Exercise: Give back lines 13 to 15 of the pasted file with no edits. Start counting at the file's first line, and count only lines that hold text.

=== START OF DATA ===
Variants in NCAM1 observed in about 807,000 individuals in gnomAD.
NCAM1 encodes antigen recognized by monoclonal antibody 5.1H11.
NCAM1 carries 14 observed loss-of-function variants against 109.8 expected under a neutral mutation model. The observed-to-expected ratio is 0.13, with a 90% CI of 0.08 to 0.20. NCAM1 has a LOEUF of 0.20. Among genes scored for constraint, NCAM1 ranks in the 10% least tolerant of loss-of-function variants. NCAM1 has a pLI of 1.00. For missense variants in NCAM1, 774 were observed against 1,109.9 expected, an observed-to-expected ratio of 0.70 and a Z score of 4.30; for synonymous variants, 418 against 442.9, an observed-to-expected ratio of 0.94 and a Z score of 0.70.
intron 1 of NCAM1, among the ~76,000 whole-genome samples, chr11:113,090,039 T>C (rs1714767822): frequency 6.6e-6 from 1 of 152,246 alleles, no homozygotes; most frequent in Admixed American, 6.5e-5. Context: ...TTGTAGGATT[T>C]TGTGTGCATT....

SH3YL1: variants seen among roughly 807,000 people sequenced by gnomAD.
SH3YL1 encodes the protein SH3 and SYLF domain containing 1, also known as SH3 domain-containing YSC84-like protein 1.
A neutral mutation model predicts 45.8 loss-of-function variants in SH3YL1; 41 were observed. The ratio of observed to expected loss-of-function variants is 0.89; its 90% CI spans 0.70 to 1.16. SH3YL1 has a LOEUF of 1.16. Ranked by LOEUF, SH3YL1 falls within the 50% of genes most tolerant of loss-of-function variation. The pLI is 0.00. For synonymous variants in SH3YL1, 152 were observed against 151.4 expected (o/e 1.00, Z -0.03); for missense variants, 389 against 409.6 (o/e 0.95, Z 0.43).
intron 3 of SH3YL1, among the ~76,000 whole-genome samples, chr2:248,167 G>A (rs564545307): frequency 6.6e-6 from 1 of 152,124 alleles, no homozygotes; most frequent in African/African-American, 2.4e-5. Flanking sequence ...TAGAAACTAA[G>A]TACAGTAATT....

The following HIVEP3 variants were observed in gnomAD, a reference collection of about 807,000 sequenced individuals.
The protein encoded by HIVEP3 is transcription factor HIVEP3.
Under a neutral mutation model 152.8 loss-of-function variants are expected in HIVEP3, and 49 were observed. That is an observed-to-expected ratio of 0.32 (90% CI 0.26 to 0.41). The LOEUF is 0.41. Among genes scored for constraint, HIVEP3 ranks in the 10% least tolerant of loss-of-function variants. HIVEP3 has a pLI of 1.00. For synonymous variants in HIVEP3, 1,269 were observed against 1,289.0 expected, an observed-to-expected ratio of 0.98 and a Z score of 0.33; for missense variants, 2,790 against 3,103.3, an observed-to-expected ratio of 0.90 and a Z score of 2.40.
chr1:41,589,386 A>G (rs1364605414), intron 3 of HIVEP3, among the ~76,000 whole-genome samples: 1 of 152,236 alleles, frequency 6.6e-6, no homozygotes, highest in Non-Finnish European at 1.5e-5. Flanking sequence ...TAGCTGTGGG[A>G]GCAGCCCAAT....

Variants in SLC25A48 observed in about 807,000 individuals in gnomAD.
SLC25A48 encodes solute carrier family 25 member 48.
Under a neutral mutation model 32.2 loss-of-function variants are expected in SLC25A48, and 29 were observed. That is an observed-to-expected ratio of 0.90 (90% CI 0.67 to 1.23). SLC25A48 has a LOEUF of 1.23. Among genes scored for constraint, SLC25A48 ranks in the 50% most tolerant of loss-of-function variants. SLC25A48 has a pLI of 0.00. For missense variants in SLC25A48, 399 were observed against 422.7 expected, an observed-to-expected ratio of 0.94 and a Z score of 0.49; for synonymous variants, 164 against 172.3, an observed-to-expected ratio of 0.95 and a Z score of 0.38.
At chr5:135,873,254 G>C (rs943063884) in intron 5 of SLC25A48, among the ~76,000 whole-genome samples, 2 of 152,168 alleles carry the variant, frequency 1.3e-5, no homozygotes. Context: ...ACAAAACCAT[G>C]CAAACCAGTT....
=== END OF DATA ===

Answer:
Variants in SLC25A48 observed in about 807,000 individuals in gnomAD.
SLC25A48 encodes solute carrier family 25 member 48.
Under a neutral mutation model 32.2 loss-of-function variants are expected in SLC25A48, and 29 were observed. That is an observed-to-expected ratio of 0.90 (90% CI 0.67 to 1.23). SLC25A48 has a LOEUF of 1.23. Among genes scored for constraint, SLC25A48 ranks in the 50% most tolerant of loss-of-function variants. SLC25A48 has a pLI of 0.00. For missense variants in SLC25A48, 399 were observed against 422.7 expected, an observed-to-expected ratio of 0.94 and a Z score of 0.49; for synonymous variants, 164 against 172.3, an observed-to-expected ratio of 0.95 and a Z score of 0.38.